• Director of Evaluation and Learning at Edna McConnell Clark Foundation (shared by Gabriel Rhoads).
  • Director of Evaluation and Quality Improvement at a nonprofit (Anonymous upon request).
  • Director of Program Evaluation and Planning at an agency (Anonymous upon request).
  • Director of Data and Evaluation at Congreso (shared by Juan de Angulo).

Important Note: As Patti Patrizi explained, “There is a huge range of emphasis in the job descriptions. The direct service providers (rightfully) need to emphasize data collection, data quality, and improvement of service. This is not necessarily the same job as that of an evaluation person in a foundation (of course depending on what kind of foundation it is, for instance an operating foundation would have some of the same needs as that of a service provider). And the person who is good at working internally within a foundation–that is doing theory of change and helping to identify strategy indicators etc.–is not likely to be the same person who can work in a hands-on way with grantees to help them improve their own data systems and use.”

Sample organizational structure: Also see Appendix for a detailed table describing how the Data & Evaluation department at Congreso is structured.

RESPONSES

(ORGANIZED BY THEME)

THINK OF THIS AS THE FIRST HIRE

Isaac Castillo: “First, I will say that it will likely be difficult for a person to do both the internal work and the external/grantee work at the same time without any help. You would need a true superstar that has done both types of work already, and even then they would probably need help. And even when things are up and running, it will likely require multiple people to maintain the work (depending on the size of your org, and the number of grantees you would be working with). First piece of advice is to think of this as the first hire in building a team, and that this person would eventually hire one or more people to help with their work.

“When I was working in the Director of Data and Evaluation position, my time was split into thirds. One third of my time was spent working on internal cultural issues –working with staff to get them more oriented to outcomes measurement and performance management. Another third was working directly with grantees–helping them also understand outcome measurement and performance management, but also focusing on simple things like proper use of measurement tools and even just the benefits of simple technology (like Excel) to assist in the process. The last third of the work was focused on collecting community wide data and staying up on current program evaluation and program design research to help inform our work.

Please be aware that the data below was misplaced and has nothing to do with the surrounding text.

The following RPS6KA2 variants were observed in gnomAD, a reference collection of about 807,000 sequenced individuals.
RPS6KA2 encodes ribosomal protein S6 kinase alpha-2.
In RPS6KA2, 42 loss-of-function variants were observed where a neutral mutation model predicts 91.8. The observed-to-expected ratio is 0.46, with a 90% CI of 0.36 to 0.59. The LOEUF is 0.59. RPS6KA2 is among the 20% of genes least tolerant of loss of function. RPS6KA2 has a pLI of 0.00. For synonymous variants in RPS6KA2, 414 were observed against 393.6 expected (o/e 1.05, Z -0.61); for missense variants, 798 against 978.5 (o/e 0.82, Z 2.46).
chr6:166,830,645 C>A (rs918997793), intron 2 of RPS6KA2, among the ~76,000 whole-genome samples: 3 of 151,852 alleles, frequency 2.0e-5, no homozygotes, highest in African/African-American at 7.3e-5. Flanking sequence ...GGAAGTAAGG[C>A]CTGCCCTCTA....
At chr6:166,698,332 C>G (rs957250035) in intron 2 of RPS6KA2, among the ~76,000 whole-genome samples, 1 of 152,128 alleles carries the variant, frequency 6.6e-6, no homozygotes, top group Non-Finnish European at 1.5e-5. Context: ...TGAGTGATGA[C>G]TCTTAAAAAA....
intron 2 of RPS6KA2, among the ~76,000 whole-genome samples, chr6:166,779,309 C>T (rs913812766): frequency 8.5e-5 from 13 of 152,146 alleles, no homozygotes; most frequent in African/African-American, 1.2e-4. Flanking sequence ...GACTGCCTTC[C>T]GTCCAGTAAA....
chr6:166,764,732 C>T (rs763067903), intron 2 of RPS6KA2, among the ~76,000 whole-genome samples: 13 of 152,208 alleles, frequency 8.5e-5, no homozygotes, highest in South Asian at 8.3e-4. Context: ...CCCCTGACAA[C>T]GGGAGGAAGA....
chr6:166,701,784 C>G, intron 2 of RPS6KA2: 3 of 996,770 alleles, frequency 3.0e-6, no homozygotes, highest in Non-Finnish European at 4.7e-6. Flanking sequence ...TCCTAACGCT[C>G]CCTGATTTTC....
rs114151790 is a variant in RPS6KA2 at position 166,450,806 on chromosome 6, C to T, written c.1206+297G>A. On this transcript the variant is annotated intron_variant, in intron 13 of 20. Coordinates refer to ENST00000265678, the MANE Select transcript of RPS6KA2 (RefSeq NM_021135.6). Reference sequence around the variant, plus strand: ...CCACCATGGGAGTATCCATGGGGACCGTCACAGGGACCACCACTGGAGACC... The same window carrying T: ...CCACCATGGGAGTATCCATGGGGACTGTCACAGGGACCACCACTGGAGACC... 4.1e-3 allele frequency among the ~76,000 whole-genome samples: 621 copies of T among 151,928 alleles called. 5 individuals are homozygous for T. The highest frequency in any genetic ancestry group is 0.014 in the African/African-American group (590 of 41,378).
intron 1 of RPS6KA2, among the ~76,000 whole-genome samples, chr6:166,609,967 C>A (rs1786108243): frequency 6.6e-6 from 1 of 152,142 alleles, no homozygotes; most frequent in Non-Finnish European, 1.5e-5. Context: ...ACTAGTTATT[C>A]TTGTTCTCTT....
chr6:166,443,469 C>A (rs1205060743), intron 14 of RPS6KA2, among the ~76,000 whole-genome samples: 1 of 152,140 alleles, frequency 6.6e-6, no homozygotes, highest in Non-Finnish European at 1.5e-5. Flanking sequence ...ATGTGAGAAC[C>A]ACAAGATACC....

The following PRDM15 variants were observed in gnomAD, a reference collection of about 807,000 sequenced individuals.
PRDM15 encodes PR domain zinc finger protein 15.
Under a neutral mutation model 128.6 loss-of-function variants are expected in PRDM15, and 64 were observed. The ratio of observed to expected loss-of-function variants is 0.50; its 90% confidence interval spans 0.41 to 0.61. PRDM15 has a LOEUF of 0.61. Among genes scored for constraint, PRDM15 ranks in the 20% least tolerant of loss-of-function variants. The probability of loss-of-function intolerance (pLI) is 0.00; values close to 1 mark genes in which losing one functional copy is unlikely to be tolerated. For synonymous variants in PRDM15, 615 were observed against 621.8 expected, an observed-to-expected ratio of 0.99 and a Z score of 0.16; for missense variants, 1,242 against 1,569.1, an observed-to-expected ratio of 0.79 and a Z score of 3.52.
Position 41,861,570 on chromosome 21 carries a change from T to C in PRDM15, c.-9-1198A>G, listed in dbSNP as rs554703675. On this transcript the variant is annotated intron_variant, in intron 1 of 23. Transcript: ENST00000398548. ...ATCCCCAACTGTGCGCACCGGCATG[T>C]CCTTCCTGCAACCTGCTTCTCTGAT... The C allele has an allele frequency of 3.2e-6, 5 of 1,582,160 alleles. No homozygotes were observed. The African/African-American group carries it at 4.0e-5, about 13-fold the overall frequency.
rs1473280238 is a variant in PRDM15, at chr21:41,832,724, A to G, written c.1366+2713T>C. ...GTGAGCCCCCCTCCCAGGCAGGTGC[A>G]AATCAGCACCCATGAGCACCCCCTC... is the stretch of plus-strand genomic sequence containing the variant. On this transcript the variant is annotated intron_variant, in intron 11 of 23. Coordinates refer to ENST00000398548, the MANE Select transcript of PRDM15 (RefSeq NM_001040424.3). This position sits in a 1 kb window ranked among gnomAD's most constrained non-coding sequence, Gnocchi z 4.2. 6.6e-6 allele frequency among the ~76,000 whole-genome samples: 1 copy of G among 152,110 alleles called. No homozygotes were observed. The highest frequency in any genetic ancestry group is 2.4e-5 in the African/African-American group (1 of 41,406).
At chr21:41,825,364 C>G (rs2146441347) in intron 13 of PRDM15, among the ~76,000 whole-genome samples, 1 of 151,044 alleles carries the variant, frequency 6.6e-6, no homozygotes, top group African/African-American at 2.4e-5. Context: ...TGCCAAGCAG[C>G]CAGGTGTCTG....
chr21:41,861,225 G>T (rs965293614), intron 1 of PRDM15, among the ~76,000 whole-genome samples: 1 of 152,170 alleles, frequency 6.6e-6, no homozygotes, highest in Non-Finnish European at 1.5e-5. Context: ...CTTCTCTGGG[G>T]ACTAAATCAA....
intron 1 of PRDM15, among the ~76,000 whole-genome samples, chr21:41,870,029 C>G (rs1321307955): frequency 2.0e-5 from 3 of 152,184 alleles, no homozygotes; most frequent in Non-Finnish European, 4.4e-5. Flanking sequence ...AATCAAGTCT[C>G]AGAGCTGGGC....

“As my position evolved, I hired someone to take over a large chunk of the external work–it was taking up a lot of time to do technical assistance and support for our 8 grantees, especially once the grantees left the paper/pencil stage and needed more support with their data systems. So that made us a staff of two. But really, we need a third person–someone to focus heavily on the internal work as we slowly expand the amount of programming we delivery ourselves.”

CONSIDER EQ (EMOTIONAL INTELLIGENCE) AS MUCH AS IQ—LOOK FOR PEOPLE WHO ARE GOOD WITH PEOPLE

Gabriel Rhoads (EMCF’s Director of Evaluation and Learning, recommended by Lissette Rodriguez): “When you’re hiring for an Evaluation Director, I’ve often been told you want to consider EQ as much as IQ. Evaluation and quality improvement can lead to change management, and when you’re hiring, be sure to keep a lookout for people that are good with people. It’s possible to bring on a team that’s fantastic with data, but the leader should be able to interpret, explain, and make all the information understandable.”

POSITION THE ROLE FOR MAXIMUM INFLUENCE

Alice Shobe: “Very quickly after hiring Mei Ling [our first measurement and learning position], I moved her to become a direct report to me so that I could increase her influence agency-wide. It was clear that I was prioritizing this measurement and learning culture shift and I helped positioned Mei Ling with the right technical knowledge to have the most influence/authority possible.”